SUSECON '19 At its Nashville SUSECON gathering, the German open-source software maker told more than a 1,000 attendees that version 1.4 of its Cloud Application Platform (replete with Kubernetes goodness) and its take on OpenStack Rocky will be inbound before the month is out.
With the Cloud Application Platform 1.4, SUSE has set its sights on a multi-cloud world laying claim to being the first software distribution to go 100 per cent Kubernetes for Cloud Foundry.
SUSE CEO Nils Brauckmann is very keen on the whole multi-cloud thing, and told us that he aimed to "advance my capabilities faster in the area of multi-cloud management. Everything that has to do with cloud-native, container-first application delivery tools."
With that ethos in mind, the newly Kubernetes-native platform now includes support for Google Kubernetes Engine (GKE) extending the options available to customers, including Amazon EKS or Azure AKS. Equally, users could run it on-premises with something like the SUSE Container as a Service (CaaS) platform – or a multi-cloud combo.
The juice comes from Cloud Foundry's Project Eirini, which allows devs to seamlessly switch between Kubernetes or Cloud Foundry Diego as their container scheduler. An organisation already invested in the Kubernetes world therefore does not have to faff around with the Cloud Foundry Application Runtime orchestration. A single scheduler should do the trick.
SUSE has also prepped OpenStack Rocky for its enterprise customers in the form of SUSE OpenStack Cloud 9. While the next version of OpenStack, Stein, Brauckmann said that in "an enterprise context to come out with a release every six months, of course it's just not very feasible".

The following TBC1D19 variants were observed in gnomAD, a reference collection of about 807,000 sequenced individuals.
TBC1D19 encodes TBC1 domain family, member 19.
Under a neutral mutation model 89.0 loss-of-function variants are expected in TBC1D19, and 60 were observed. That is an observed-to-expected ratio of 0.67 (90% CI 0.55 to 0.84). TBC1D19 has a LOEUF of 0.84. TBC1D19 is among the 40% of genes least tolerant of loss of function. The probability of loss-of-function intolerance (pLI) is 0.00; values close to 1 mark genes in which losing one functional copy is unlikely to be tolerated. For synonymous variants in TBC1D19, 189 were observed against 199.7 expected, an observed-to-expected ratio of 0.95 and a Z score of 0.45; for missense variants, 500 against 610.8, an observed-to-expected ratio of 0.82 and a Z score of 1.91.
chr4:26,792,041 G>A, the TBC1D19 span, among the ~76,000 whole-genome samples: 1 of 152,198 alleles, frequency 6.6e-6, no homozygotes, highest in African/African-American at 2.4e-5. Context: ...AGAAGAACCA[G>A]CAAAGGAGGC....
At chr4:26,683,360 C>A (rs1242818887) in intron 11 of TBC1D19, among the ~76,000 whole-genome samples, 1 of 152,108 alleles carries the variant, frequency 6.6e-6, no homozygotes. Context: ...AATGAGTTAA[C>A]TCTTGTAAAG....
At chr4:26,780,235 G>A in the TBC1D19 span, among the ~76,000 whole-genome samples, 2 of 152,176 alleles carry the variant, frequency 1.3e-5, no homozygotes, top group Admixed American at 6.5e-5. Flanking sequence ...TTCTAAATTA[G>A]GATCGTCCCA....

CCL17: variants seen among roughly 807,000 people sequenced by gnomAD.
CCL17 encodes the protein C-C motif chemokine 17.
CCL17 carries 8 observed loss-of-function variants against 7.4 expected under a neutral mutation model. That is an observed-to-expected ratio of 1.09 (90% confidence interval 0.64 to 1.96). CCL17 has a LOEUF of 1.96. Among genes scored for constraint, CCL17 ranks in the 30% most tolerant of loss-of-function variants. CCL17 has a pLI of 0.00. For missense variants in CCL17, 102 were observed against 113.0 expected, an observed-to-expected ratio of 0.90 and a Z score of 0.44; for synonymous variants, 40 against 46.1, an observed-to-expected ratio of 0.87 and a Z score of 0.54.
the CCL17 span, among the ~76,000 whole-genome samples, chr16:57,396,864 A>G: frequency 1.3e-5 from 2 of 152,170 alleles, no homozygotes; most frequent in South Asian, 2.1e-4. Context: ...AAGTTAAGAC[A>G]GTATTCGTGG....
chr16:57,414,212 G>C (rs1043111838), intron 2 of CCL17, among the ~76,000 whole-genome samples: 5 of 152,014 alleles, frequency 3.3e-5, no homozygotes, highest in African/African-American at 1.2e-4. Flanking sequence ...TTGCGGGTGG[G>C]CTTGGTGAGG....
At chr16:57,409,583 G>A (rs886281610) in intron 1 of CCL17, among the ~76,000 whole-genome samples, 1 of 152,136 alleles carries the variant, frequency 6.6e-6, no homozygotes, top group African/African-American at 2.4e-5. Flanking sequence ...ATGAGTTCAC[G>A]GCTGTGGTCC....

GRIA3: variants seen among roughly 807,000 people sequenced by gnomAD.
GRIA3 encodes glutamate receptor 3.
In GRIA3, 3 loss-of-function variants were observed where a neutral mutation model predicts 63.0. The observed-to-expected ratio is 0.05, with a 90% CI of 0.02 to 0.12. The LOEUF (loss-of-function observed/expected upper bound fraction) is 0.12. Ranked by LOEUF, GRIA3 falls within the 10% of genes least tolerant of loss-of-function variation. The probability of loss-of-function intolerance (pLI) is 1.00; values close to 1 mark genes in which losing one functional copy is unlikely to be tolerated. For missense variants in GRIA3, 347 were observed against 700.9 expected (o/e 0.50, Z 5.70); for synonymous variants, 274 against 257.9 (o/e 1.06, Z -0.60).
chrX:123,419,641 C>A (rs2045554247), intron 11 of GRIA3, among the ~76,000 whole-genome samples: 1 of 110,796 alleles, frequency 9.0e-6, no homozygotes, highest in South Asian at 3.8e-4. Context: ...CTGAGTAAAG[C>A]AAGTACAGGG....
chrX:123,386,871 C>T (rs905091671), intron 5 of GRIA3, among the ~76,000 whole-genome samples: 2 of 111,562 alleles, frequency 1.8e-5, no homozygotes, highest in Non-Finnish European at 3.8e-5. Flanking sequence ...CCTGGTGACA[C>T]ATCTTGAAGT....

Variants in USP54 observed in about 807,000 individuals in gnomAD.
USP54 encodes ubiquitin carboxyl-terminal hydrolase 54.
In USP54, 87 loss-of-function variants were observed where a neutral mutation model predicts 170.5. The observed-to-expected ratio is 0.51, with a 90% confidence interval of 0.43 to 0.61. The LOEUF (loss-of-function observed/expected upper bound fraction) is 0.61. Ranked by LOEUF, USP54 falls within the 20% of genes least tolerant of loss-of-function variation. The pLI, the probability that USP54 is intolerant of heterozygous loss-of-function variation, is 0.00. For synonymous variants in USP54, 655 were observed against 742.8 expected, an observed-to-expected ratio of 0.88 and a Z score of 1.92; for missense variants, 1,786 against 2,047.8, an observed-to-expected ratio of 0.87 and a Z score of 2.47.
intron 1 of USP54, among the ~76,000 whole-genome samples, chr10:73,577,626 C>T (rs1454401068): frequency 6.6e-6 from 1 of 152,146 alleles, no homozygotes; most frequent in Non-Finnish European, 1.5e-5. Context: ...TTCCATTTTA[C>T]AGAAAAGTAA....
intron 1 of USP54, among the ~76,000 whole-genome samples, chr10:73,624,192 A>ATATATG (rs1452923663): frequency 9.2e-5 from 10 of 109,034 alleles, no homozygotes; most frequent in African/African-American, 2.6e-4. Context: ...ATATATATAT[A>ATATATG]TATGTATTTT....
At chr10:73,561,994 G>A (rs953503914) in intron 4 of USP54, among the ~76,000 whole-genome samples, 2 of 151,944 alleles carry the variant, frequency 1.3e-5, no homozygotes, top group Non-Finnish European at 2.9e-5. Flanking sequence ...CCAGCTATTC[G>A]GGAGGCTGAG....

Enterprises do like things to be stable, right?
Brauckmann did, however, point out that he was getting some mixed messages from enterprise customers on the approach, telling us that: "In the cloud native computing context, there's more of this constant development, constant improvement concepts that are starting to prevail and and also spin out into other areas of enterprise customers."
He added: "So I hear both things, to be honest."
This release is the first to integrate tech from SUSE OpenStack Cloud and HPE's OpenStack into a single service, and SUSE would very much like customers to "transition" off the HPE product. Although with an eye on that much-vaunted stability, Brauckmann was quick to insist that HPE Helion OpenStack users "can consume support as long as they have an active subscription".
He went on to emphasise: "Although when it's out of life cycle, then customers must migrate to something else."
As well as the simplified deployment to which users have become accustomed and the Cloud Lifecycle Manager interface, SUSE was also keen to trumpet enhanced support for OpenStack Ironic and its ability to hit bare metal servers.
But maybe think about that transition, m'kay? ®